Pensioners' Guide£1,058,000: Production and distribution of a guide on cross-Government help and services for pensioners.
Winter Fuel Payments£716,000: Information for people aged 60 plus and advisers about winter fuel payments and activity reminding them to claim and telling them how to claim for winter 2001 and for relevant previous winters.
Changes to rules on inherited SERPS£453,000: Publicity about the change to the rules on inheriting the State Earnings-Related Pensions Scheme.
Targeting Fraud£9,000,000: A national advertising campaign on television, radio, press and posters to deter dishonest behaviour, reinforced by regional press advertising showing that benefit fraudsters are regularly caught and punished.
Disability Discrimination Act Awareness£3,000,000: A national, regional and trade press advertising campaign to raise the public's awareness of the DDA and specifically to encourage service providers to ensure that disabled people have access to their services.
20 Mar 2002 : Column 425W
Mr. Blunt: To ask the Secretary of State for Work and Pensions if he will issue advice to decision-makers for (a) attendance allowance and (b) disability living allowance to give full weight to the definition of virtually unable to walk as given in Cassinelli v. Secretary of State for Social Services, Times Law report 6.12.91, following the Chairman's ruling on 11 February at the reconstituted tribunal set up by the Sutton Benefits Agency office concerning Mr. Tom Mann. 
Maria Eagle: The 1991 judgment of the Court of Appeal in Cassinelli v. Secretary of State for Social Services was concerned only with the meaning of the test of "severe discomfort" in relation to whether the manner in which a person could make progress on foot out of doors was so limited that he could be taken to be virtually unable to walk for the purpose of entitlement to mobility allowance. The court held that the test is one of severe discomfort rather than of severe pain or distress. This is not relevant to (a) attendance allowance, for which entitlement depends upon a severely disabled person's need for personal attention, supervision or watching over from another person; but (b) it continues to be relevant to the higher rate mobility component of disability living allowance, which replaced mobility allowance in 1992, and the guidance to decision makers about that component in the Decision Makers Guide cites the meaning of "severe discomfort" given in the Cassinelli judgment as the one to be followed when considering whether a person is virtually unable to walk.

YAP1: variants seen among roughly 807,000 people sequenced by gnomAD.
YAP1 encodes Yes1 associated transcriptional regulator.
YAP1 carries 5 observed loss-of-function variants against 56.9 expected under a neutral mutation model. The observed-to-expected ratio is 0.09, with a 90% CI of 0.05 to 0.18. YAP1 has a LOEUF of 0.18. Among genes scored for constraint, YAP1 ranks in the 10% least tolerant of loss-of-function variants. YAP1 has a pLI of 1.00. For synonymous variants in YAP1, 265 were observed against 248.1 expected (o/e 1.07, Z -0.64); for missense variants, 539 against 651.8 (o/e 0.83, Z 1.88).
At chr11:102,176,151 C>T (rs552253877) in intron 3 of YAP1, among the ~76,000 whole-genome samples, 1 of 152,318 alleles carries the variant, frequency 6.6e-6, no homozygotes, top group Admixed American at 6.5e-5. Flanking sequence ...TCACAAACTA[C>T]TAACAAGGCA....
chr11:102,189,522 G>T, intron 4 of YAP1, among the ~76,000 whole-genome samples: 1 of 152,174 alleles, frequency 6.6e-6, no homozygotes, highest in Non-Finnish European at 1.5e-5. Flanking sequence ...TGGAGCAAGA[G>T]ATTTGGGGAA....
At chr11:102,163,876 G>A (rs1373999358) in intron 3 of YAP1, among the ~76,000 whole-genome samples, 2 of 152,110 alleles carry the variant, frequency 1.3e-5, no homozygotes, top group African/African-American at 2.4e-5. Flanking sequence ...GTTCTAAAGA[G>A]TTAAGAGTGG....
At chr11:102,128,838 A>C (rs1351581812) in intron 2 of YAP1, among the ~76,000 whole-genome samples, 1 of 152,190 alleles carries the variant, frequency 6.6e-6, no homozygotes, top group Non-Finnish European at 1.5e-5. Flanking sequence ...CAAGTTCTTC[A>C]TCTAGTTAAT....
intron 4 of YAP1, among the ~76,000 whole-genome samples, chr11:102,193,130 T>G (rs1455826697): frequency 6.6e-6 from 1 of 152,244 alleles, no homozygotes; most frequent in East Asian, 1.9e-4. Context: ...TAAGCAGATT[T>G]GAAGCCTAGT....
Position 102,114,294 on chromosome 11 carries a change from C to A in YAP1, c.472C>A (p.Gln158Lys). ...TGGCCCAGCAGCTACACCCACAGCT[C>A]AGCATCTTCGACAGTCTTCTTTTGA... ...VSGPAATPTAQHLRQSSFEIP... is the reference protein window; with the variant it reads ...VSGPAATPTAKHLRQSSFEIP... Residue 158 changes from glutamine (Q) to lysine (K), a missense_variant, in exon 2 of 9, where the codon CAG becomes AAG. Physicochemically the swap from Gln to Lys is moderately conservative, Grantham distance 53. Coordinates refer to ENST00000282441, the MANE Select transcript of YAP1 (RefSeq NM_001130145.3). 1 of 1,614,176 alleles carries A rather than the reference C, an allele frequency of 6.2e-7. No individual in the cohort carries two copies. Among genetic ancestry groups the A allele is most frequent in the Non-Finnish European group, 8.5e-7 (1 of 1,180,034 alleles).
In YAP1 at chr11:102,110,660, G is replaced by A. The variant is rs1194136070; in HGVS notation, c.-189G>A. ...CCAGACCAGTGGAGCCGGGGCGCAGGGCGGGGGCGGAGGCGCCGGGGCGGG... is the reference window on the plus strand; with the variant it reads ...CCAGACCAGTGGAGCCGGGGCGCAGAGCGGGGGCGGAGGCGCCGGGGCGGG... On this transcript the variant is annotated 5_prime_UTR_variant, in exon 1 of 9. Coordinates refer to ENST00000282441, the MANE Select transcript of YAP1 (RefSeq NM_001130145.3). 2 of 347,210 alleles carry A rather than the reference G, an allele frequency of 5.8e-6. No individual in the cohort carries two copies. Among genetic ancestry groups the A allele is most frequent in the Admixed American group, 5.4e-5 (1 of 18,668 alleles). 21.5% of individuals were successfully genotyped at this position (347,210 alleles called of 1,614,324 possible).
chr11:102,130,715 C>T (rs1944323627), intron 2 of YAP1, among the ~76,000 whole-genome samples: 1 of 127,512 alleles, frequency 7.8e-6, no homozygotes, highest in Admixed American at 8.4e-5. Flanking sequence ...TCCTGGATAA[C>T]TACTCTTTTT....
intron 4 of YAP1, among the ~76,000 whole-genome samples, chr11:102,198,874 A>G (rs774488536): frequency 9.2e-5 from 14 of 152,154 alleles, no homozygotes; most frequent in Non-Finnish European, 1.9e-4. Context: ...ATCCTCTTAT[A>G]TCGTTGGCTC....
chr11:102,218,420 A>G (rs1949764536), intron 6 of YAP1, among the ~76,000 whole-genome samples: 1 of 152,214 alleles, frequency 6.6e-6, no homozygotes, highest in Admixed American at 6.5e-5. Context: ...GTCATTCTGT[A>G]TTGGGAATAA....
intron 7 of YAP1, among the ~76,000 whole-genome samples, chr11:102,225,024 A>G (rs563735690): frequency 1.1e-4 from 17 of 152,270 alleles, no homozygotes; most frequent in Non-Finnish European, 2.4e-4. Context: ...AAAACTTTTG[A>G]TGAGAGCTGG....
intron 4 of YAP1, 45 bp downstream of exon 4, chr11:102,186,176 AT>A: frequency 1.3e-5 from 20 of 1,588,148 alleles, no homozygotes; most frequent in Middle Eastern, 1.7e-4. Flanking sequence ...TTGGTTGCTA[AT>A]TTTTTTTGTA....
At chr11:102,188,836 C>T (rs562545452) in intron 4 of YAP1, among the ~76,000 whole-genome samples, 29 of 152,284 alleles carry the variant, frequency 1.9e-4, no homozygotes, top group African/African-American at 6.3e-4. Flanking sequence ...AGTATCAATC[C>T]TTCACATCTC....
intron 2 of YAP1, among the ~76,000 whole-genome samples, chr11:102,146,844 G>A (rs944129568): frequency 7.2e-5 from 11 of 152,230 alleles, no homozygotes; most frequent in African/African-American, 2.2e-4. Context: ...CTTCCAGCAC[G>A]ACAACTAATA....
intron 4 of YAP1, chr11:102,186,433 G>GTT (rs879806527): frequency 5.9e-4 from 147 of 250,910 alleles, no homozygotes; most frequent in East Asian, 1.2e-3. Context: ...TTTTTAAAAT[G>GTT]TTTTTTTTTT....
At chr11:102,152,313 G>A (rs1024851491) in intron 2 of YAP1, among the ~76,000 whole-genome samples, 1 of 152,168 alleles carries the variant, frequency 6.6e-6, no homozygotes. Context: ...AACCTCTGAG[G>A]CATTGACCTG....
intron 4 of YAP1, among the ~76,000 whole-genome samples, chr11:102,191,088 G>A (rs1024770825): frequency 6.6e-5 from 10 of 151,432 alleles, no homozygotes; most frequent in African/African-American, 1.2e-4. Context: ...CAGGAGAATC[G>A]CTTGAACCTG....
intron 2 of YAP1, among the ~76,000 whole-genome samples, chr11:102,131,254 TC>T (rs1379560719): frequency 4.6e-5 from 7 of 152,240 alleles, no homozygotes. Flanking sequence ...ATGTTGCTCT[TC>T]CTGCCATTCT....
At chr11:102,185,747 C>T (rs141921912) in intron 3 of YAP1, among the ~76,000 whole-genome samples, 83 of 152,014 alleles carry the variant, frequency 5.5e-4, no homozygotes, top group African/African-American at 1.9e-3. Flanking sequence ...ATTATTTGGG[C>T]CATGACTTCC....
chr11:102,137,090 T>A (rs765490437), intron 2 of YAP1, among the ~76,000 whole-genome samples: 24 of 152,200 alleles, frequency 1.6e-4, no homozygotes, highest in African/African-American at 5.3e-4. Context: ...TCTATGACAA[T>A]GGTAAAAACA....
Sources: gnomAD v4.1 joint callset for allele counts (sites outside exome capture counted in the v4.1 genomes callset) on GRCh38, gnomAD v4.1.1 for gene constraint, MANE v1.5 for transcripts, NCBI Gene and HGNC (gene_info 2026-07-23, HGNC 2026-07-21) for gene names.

Mrs. Helen Clark: To ask the Secretary of State for Work and Pensions if he will make additional funding available to New Deal providers to help trainees with (a) basic skills and (b) English speaking. 
Mr. Nicholas Brown: Long-term unemployed people who need help with basic skills or the English language are identified by personal advisers during the Gateway period of the New Deal. Those with a need can then be referred to help within the Gateway, including short basic skills courses. People who need more intensive, longer- term assistance are offered help through the Education and Training New Deal option which can provide courses lasting up to 26 weeks.
Basic skills or English for Speakers of Other Languages (ESOL) training is provided in response to an individual's needs. The Employment Service contracts locally with New Deal providers to meet the needs of their particular client group and provides sufficient funding for this to be achieved.
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The help provided through the New Deal is an important part of the Government's strategy to improve literacy and numeracy skills. A new curriculum in ESOL was launched in February and will further improve the quality of language provision available to those who need it. We will be working to embed the new curriculum into our employment programmes.